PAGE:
Breaking away from their previous group, The Blood Lines, siblings S.J. and Maygen Kardash started their own project and have so far enjoyed modest success.
The Sheaf: You guys have been going hard pretty much non-stop for all of November. How has the response been on this tour?
S.J. Kardash: The crowd response on this tour has surpassed our expectations by far. Our Toronto show was packed, Halifax was a sweaty mess and even the shows with fewer people in the audience have felt really special. We’ve heard the phrase “when you guys break [out]…” a lot on this tour, which is always a positive affirmation that we’re doing something right.
Sheaf: Are you looking forward to coming home?
Kardash: We’re all warmed up now and playing live is so addictive that we wouldn’t complain if we got a call tomorrow saying we’re going on tour again. Although, I do the booking, so I’m not sure who that call would come from.
Sheaf: Are you taking some time off to work on the upcoming album or do you guys have something planned immediately after your return home?
Kardash: We’re basically heading straight back to work in the studio when we get home. We’re planning to release a full-length by late spring / early summer, so we’ve got a lot of writing and recording to do.
Sheaf: Does touring pretty regularly and being siblings help or hinder the situation?
Kardash: Just keeping a band together is a hard enough task for any group of people to undertake. Luckily, Maygen and I had a couple of decades to practice fighting and making up before we got into a band. Now, we just keep each other focused and push each other to get better and better. Basically, it’s the band that can never break up.
Sheaf: I have this theory that Saskatoon residents are scattered across the country. Do you run into a lot of Saskatonians at your shows?
Kardash: Consider your theory proven. When we’re on the road, sometimes it feels like we haven’t even left home. Saskatoon is definitely everywhere. Our Montreal audience was half Saskatonian.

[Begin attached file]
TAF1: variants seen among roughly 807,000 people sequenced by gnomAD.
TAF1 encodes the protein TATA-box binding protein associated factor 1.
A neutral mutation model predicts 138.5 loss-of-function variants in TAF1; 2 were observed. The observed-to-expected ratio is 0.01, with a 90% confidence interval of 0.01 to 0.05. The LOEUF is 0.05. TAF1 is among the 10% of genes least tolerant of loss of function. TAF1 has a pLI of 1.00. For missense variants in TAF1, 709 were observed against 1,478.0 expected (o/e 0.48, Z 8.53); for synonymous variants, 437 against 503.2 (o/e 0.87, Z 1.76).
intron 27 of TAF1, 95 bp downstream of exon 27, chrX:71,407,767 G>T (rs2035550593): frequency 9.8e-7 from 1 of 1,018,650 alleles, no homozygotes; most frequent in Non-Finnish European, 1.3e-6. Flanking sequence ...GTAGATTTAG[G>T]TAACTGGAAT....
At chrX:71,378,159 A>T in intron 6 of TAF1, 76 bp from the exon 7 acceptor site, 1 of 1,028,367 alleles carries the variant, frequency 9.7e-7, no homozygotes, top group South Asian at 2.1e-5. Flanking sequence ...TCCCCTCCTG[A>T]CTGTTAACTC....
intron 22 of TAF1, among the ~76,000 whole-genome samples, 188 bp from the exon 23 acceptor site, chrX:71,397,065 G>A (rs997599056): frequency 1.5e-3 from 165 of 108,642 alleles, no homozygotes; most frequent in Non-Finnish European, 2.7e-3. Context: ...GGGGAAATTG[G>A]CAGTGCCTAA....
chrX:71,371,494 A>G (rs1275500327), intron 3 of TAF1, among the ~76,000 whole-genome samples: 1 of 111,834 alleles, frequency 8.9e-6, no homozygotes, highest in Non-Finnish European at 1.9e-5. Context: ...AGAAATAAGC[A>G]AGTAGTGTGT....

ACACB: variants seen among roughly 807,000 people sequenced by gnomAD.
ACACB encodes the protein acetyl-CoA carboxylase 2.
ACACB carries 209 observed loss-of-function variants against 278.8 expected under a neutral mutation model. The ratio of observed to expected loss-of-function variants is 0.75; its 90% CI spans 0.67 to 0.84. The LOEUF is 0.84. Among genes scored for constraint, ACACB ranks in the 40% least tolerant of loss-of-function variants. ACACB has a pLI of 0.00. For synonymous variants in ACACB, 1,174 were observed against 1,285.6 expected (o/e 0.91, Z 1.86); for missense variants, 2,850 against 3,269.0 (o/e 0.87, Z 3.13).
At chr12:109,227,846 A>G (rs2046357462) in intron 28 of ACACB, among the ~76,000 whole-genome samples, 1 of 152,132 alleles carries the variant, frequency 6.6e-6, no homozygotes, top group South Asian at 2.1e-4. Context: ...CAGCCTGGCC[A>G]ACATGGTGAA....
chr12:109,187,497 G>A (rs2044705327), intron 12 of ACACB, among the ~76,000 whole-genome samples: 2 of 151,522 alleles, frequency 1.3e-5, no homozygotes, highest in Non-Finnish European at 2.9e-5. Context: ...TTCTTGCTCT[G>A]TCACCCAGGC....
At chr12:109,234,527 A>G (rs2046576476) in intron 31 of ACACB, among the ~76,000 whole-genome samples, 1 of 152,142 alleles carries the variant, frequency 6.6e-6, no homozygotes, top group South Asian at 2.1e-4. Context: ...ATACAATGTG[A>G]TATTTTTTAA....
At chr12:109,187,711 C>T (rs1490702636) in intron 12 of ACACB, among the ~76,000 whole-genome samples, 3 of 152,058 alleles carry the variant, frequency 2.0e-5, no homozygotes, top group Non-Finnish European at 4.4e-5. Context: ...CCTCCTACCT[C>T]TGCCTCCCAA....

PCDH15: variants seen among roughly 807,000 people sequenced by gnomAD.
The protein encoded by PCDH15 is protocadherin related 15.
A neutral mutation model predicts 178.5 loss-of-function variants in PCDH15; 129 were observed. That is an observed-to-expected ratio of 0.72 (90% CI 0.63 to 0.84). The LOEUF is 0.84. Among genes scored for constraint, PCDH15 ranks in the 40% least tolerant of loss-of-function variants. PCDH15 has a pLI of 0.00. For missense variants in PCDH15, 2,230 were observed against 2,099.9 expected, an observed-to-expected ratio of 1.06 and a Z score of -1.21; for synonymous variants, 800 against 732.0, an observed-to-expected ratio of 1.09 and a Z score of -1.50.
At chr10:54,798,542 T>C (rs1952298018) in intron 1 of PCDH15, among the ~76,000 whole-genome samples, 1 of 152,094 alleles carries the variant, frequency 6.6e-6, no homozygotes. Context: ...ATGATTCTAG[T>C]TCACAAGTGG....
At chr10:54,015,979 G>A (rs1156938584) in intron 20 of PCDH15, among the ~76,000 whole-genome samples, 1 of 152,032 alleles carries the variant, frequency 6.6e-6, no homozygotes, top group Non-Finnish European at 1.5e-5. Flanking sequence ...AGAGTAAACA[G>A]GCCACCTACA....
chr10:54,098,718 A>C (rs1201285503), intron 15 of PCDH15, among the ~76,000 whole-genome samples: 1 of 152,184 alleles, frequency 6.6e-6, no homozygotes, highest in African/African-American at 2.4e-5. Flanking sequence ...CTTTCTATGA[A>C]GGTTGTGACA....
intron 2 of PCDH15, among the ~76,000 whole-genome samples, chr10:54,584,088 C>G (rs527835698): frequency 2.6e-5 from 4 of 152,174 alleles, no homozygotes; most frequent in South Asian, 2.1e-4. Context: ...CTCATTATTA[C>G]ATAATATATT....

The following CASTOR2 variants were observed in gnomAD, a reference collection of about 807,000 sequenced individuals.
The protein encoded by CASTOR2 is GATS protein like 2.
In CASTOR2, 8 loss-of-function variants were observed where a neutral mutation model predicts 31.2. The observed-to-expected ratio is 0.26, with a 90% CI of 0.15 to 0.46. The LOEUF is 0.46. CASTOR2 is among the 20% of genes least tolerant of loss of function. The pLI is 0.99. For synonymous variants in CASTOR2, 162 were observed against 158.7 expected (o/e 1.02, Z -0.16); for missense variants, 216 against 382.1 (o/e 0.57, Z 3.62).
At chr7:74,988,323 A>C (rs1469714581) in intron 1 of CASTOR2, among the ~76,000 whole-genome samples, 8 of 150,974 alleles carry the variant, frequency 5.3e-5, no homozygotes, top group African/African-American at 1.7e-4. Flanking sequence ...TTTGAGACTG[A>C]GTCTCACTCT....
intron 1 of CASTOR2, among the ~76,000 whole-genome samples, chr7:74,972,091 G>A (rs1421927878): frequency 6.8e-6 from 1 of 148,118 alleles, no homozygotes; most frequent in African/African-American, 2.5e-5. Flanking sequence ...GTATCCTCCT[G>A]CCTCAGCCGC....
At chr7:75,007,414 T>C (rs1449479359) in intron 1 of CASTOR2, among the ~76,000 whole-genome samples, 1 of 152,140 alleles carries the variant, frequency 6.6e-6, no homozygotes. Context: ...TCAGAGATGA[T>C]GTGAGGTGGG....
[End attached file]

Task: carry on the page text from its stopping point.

Sheaf: Canada is a massive country and this can cause a lot of problems for a travelling band. Did you have any unsavory incidents in your travels?
Kardash: We nearly ran out of gas a couple of times. Our gas gauge has recently acquired a mind of it’s own and although it can be sitting on half, it suddenly rises to full, and then quickly falls below the slash. Confusing and scary all at once, especially when you’re hours from the nearest town.
Sheaf: The best part of the tour?
Kardash: In Moncton, a guy came up behind me and scooped me into a piggy back while we were playing. I just went with it and soloed while he carried me around the bar. Truth be told, he was pretty drunk, so I was scared for my life.
Sheaf: The most memorable thing you ate on the road?
Kardash: Not sure if you know this, but food rules our tours. The Quebec City poutine was amazing, the scallop pasta dish in P.E.I., blackened haddock in Halifax and of course the mainstays like Cora and M Lounge never let you down.
Sheaf: Has this tour inspired any new material?
Kardash: We’re always talking about ideas we want to try when we get back to the studio. Touring is the best way to figure out what people are connecting with, so we’ve been taking the opportunity to try out some new material.
Sheaf: What are your hopes for the upcoming album?
Kardash: We’ve got a concept for the next one, so we’re excited to get back to work on it. We made our own video for the song “Keep Your Balance.” I took photos of Maygen and she took photos of me, then we stitched them together. I think the whole thing cost us about $65 and now it’s on MuchMusic. That’s a big milestone for us, so we were really excited to get word about it.
Sheaf: What inspired the EP name Velvet Hideout?
VK: That was Maygen’s conjuring, but I think everyone can relate to it. It’s an escape from reality and a place we all go in our minds when we want to be alone.